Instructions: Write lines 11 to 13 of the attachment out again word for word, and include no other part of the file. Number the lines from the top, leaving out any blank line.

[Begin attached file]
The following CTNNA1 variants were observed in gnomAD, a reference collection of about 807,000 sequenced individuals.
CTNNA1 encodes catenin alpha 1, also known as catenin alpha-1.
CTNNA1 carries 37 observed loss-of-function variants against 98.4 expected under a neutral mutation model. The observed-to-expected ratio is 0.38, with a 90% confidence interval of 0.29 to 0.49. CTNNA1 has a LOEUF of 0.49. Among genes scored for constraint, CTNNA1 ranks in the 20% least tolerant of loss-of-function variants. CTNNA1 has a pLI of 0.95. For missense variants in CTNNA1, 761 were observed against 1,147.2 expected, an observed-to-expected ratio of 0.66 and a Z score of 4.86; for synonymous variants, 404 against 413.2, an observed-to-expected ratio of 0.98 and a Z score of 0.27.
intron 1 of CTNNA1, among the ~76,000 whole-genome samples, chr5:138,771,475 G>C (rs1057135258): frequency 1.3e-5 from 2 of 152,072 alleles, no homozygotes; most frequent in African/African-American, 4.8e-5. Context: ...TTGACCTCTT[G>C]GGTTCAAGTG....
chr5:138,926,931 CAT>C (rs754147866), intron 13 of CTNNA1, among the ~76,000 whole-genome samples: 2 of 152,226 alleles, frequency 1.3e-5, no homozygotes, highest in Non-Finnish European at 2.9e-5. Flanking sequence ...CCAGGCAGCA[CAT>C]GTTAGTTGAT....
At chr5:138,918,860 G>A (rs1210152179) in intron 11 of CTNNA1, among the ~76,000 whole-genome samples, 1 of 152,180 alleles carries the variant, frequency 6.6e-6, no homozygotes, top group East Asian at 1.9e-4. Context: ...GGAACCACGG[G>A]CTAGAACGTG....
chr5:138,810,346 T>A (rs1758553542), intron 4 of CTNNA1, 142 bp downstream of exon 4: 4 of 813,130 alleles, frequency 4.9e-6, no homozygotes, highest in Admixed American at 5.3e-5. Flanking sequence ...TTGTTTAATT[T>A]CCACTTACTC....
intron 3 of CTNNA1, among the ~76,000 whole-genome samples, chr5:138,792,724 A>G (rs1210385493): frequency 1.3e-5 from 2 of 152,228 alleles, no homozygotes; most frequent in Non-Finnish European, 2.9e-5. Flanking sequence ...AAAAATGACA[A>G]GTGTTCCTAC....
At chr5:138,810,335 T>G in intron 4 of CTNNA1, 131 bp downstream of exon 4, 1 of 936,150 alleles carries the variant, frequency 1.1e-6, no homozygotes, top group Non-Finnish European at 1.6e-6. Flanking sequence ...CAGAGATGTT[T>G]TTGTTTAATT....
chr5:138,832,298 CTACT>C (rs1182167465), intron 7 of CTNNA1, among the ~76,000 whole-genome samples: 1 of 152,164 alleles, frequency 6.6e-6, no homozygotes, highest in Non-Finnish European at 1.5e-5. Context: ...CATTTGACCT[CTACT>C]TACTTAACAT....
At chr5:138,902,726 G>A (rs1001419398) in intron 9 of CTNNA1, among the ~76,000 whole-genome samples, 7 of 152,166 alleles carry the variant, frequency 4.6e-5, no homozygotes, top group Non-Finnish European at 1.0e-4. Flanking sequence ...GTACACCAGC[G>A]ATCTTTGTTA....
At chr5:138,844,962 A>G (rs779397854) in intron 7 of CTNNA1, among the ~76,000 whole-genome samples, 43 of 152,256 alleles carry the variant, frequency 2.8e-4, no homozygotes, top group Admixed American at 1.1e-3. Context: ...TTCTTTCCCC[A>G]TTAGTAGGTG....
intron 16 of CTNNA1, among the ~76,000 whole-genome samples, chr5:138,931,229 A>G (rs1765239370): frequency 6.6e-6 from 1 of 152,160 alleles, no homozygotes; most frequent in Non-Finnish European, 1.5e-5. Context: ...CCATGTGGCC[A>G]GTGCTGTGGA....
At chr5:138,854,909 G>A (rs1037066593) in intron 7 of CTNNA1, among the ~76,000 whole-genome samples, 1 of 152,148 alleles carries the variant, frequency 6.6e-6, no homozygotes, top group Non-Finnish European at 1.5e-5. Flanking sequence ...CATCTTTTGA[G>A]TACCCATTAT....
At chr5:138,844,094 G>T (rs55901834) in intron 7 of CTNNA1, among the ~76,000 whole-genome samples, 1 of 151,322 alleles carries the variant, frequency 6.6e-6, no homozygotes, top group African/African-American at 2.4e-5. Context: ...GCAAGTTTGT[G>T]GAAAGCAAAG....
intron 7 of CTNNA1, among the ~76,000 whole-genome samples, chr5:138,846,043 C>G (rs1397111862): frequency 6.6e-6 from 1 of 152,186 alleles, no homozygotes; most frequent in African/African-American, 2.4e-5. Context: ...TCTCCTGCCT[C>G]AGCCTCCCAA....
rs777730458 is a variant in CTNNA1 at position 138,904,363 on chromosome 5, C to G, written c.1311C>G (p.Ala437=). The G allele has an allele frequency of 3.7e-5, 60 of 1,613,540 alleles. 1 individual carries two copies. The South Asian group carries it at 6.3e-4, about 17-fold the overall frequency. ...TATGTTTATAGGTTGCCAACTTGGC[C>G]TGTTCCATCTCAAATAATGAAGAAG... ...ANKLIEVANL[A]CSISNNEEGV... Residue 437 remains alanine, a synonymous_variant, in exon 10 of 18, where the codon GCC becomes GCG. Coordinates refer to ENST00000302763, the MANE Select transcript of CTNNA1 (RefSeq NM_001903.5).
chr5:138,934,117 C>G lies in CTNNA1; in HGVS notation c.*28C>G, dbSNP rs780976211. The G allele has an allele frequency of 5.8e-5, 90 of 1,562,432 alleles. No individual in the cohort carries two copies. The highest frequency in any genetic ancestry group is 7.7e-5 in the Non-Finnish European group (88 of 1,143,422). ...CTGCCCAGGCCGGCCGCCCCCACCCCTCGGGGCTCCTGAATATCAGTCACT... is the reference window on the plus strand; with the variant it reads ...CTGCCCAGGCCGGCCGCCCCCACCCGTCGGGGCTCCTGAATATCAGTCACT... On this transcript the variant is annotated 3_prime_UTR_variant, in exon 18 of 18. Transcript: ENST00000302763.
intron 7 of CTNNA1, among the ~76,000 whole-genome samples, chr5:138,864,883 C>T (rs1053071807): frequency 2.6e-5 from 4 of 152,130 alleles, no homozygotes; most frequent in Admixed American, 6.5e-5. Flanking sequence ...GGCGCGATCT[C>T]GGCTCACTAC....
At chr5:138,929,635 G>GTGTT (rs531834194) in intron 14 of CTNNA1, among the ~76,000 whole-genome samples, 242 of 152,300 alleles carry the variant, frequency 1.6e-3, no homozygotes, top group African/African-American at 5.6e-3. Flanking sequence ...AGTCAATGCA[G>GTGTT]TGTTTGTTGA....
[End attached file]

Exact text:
At chr5:138,902,726 G>A (rs1001419398) in intron 9 of CTNNA1, among the ~76,000 whole-genome samples, 7 of 152,166 alleles carry the variant, frequency 4.6e-5, no homozygotes, top group Non-Finnish European at 1.0e-4. Flanking sequence ...GTACACCAGC[G>A]ATCTTTGTTA....
At chr5:138,844,962 A>G (rs779397854) in intron 7 of CTNNA1, among the ~76,000 whole-genome samples, 43 of 152,256 alleles carry the variant, frequency 2.8e-4, no homozygotes, top group Admixed American at 1.1e-3. Context: ...TTCTTTCCCC[A>G]TTAGTAGGTG....
intron 16 of CTNNA1, among the ~76,000 whole-genome samples, chr5:138,931,229 A>G (rs1765239370): frequency 6.6e-6 from 1 of 152,160 alleles, no homozygotes; most frequent in Non-Finnish European, 1.5e-5. Context: ...CCATGTGGCC[A>G]GTGCTGTGGA....